The UK’s Making Tax Digital for VAT: What You Need to Know
By Simran Juneja, Consultant, Indirect Tax
Responding to business concerns about the pace of initiating its comprehensive Making Tax Digital (MTD) program, the UK government has extended the deadlines for the program’s rollout. Under the new timetable, beginning in April 2019, only businesses that owe VAT tax and have revenues of at least 85,000 pounds will need to start keeping digital records and using Making Tax Digital-compatible software to submit their VAT returns quarterly. Businesses will not be required to keep digital records for any other taxes until at least 2020.
Digitizing VAT is the first phase of the Making Tax Digital program, which is designed to modernize the tax system and reduce the 8 billion pounds in tax money lost each year from taxpayer errors during manual entry.
Businesses with revenue that falls below the VAT threshold may choose to start digitizing their records if they like. They should be aware that once they opt into Making Tax Digital for VAT, they will need to stay in the system.
Digital Record Keeping Requirements
Businesses are only required to maintain certain records in digital format. They may use more than one software program for them as long as the information can be digitally linked. The software must be able to connect with HMRC systems. A list of required digital records is below:
- Business name, address, VAT registration number and any special accounting schemes used
- VAT account information (this will be used by the software to fill out the return)
- Total of any adjustments (but not the calculations used to determine them)
- Time of supply, value of supply and rate of VAT charged on supplies made
- Time of supply and value of supply for purchases and the amount of input tax that will be claimed
- Total value of outputs for the period, broken down into the different VAT rates (standard, reduced, zero, exempt, outside the scope)
Businesses using a retail scheme must also record sales transaction data based on daily gross takings. Businesses using a flat rate scheme only need to record purchases relating to capital goods with a VAT inclusive value of 2,000 pounds or more.
Companies will need to preserve digital records for up to six years. Corrections to previous VAT returns can be submitted under the process currently used.
Digital Filing Requirements
Businesses must file quarterly VAT taxes digitally using HMRC-compatible software. Returns will contain the same nine boxes as usual. Companies may also submit supplementary information — for example, to explain differences from previous returns.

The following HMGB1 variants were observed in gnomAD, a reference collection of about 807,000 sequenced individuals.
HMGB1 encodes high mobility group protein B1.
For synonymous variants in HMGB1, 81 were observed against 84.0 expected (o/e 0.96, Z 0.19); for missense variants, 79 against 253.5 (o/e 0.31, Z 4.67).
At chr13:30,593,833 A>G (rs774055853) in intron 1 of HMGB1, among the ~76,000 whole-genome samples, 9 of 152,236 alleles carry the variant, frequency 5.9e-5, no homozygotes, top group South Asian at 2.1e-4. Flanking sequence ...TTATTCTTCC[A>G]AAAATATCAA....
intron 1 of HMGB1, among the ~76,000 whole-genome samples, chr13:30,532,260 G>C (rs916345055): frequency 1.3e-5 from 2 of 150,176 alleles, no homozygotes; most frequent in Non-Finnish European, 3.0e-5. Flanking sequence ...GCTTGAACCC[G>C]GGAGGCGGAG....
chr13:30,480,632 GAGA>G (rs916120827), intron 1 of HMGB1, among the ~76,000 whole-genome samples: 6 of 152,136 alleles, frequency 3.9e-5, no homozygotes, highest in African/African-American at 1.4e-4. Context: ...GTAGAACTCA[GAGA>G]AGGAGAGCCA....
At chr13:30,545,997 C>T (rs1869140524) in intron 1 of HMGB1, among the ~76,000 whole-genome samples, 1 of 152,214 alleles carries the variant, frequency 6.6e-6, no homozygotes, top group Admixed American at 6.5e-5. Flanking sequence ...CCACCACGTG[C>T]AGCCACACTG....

For further details on digital recordkeeping and submissions, visit the HMRC VAT web page.
Developing Compatible Software
Ninety-nine percent of companies already file their VAT returns online. But the vast majority do so by typing information onto the HMRC website. Just 12 percent file directly from a software program.
Under MTD for VAT, returns must be filed directly from software or from a digitally-enabled spreadsheet. The only exceptions are partial exemptions, error corrections and certain adjustments.
HMRC is currently working with third-party software developers to create a range of commercially-available VAT software options. Small-scale trials are underway and are supposed to be greatly expanded in April 2018. Whether software packages will be widely available before the filing deadline of April 2019 is an open question. To ease implementation, the government has promised businesses a “soft landing,” with no penalties applied for incorrect processing during the first year.
Britain is currently a member of the EU VAT area, so companies that bring goods from the EU to the UK do not pay import VAT charges at the border. Instead, they add the VAT charge to the price of the goods when they are sold to the final buyer.
But under current rules, after Britain leaves the UK, these goods presumably would be subject to import VAT payable at the border. Though importers would be refunded when the goods are sold to the final buyer, upfront payments could cause cash flow problems for some businesses.
UK retailers are lobbying the government to keep the UK in the EU VAT area under an arrangement similar to that of the Isle of Man, which is not an EU member, or Monaco, which also is not a member but has a customs agreement with France. But creating such an arrangement for the UK may not be possible. In January, the UK government pledged to "mitigate" potential damages to companies that need to pay VAT tax upfront.
The Making Tax Digital program is a huge undertaking that will take years to fully implement. As its first phase, the MTD for VAT program leaves some significant questions unanswered. But by promising not to assess penalties initially, as well as agreeing to delay other phases of MTD, the government is demonstrating patience and flexibility. Businesses must do the same as they move towards digitizing VAT records and experimenting with new software.